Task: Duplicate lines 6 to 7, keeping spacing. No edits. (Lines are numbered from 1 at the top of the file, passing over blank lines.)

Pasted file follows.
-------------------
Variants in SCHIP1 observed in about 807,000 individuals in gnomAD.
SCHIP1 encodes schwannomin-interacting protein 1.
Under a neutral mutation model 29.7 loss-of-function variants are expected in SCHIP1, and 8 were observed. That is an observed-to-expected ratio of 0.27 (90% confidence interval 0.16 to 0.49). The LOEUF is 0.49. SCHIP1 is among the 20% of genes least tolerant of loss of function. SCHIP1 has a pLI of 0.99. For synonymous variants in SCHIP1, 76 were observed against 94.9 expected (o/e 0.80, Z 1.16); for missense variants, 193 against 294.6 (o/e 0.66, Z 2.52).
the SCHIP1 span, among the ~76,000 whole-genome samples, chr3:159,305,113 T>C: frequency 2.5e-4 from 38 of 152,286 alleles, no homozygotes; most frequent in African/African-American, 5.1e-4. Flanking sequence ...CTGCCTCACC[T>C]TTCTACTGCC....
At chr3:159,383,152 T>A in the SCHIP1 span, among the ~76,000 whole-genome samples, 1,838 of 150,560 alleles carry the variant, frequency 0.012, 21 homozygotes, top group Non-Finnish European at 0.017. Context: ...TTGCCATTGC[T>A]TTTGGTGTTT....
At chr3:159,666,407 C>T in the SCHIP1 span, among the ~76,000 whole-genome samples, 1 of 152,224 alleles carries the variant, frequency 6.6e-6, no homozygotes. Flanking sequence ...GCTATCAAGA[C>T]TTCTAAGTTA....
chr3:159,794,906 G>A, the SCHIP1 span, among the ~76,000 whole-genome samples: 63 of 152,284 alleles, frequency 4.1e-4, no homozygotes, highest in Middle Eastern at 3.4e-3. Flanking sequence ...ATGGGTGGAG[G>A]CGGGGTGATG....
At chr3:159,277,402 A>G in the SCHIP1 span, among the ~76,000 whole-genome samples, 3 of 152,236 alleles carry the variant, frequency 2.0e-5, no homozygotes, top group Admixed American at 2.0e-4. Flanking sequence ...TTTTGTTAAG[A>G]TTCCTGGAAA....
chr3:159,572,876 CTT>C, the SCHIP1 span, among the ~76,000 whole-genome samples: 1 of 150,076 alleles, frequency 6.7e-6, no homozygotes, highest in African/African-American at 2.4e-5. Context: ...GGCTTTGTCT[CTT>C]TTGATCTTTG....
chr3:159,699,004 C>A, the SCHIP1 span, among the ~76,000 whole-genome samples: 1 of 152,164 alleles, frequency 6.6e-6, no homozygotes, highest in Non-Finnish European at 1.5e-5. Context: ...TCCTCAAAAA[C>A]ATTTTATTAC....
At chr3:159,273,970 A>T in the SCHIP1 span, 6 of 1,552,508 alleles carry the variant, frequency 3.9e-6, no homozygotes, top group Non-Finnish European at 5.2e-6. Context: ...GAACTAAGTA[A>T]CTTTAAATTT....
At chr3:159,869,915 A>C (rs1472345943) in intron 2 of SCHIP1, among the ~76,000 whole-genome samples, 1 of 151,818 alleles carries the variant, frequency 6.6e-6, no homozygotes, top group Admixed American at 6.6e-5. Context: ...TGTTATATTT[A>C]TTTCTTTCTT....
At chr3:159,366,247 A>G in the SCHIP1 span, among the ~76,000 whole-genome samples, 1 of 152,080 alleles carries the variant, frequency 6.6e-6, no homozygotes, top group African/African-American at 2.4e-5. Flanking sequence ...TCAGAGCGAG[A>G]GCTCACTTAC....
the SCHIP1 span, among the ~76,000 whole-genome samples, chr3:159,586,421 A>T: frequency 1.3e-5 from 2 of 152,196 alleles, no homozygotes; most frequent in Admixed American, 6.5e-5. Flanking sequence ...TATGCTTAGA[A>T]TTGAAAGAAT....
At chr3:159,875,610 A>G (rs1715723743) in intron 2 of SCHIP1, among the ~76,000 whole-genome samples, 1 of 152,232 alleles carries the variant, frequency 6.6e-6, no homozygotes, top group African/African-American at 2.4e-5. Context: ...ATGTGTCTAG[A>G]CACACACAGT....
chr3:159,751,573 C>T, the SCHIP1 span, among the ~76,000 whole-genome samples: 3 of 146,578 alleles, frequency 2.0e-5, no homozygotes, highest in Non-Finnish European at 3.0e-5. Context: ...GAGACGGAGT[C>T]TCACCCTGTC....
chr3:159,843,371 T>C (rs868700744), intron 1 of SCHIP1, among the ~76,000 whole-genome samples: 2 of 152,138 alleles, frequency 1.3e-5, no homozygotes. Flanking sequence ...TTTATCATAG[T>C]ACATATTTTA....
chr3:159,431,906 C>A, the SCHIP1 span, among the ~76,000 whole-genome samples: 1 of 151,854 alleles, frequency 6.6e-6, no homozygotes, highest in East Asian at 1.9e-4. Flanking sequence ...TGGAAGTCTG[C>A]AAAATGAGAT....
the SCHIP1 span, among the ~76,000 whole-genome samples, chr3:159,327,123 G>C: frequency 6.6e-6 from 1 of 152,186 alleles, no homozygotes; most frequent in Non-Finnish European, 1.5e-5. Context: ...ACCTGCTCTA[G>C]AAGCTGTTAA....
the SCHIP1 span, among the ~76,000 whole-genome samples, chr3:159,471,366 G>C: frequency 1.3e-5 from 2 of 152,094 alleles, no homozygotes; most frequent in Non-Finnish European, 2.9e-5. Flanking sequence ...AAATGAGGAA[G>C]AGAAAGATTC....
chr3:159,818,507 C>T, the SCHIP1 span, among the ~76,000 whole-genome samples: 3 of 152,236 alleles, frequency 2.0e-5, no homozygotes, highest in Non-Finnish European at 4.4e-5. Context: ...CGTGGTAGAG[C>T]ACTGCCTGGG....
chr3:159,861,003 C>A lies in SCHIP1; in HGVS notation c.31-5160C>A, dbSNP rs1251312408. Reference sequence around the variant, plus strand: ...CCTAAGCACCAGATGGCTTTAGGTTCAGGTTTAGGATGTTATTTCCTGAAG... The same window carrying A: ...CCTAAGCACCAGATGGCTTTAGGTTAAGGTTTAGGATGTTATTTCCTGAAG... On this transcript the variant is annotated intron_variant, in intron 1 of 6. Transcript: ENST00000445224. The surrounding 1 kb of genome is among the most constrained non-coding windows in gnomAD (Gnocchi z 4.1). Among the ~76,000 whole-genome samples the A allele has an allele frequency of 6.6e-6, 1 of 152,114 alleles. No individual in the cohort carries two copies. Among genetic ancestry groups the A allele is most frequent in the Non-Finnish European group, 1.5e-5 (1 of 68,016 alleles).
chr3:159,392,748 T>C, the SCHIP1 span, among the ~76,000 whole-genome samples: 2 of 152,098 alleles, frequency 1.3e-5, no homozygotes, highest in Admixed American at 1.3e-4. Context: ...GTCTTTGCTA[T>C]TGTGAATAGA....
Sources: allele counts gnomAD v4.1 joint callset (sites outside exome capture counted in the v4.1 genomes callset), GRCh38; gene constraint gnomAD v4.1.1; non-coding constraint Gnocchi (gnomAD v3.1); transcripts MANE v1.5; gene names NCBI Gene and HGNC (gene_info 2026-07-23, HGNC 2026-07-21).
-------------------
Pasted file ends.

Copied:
At chr3:159,666,407 C>T in the SCHIP1 span, among the ~76,000 whole-genome samples, 1 of 152,224 alleles carries the variant, frequency 6.6e-6, no homozygotes. Flanking sequence ...GCTATCAAGA[C>T]TTCTAAGTTA....
chr3:159,794,906 G>A, the SCHIP1 span, among the ~76,000 whole-genome samples: 63 of 152,284 alleles, frequency 4.1e-4, no homozygotes, highest in Middle Eastern at 3.4e-3. Flanking sequence ...ATGGGTGGAG[G>A]CGGGGTGATG....